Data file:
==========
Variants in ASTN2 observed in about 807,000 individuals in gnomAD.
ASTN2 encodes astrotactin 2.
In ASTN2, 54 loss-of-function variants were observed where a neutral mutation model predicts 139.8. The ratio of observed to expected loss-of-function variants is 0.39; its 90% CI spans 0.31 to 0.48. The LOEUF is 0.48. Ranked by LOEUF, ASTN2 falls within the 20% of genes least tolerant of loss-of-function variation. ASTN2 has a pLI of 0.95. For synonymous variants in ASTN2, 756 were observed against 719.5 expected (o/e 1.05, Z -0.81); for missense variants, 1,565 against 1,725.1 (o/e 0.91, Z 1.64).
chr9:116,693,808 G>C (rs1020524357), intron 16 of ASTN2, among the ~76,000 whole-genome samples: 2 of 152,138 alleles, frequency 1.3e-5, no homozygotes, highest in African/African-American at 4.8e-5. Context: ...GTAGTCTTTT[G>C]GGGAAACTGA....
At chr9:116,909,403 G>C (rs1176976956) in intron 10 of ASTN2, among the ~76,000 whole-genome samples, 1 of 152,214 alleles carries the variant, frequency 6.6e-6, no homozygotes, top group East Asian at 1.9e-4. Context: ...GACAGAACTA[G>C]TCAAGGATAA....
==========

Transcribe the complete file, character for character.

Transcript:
Variants in ASTN2 observed in about 807,000 individuals in gnomAD.
ASTN2 encodes astrotactin 2.
In ASTN2, 54 loss-of-function variants were observed where a neutral mutation model predicts 139.8. The ratio of observed to expected loss-of-function variants is 0.39; its 90% CI spans 0.31 to 0.48. The LOEUF is 0.48. Ranked by LOEUF, ASTN2 falls within the 20% of genes least tolerant of loss-of-function variation. ASTN2 has a pLI of 0.95. For synonymous variants in ASTN2, 756 were observed against 719.5 expected (o/e 1.05, Z -0.81); for missense variants, 1,565 against 1,725.1 (o/e 0.91, Z 1.64).
chr9:116,693,808 G>C (rs1020524357), intron 16 of ASTN2, among the ~76,000 whole-genome samples: 2 of 152,138 alleles, frequency 1.3e-5, no homozygotes, highest in African/African-American at 4.8e-5. Context: ...GTAGTCTTTT[G>C]GGGAAACTGA....
At chr9:116,909,403 G>C (rs1176976956) in intron 10 of ASTN2, among the ~76,000 whole-genome samples, 1 of 152,214 alleles carries the variant, frequency 6.6e-6, no homozygotes, top group East Asian at 1.9e-4. Context: ...GACAGAACTA[G>C]TCAAGGATAA....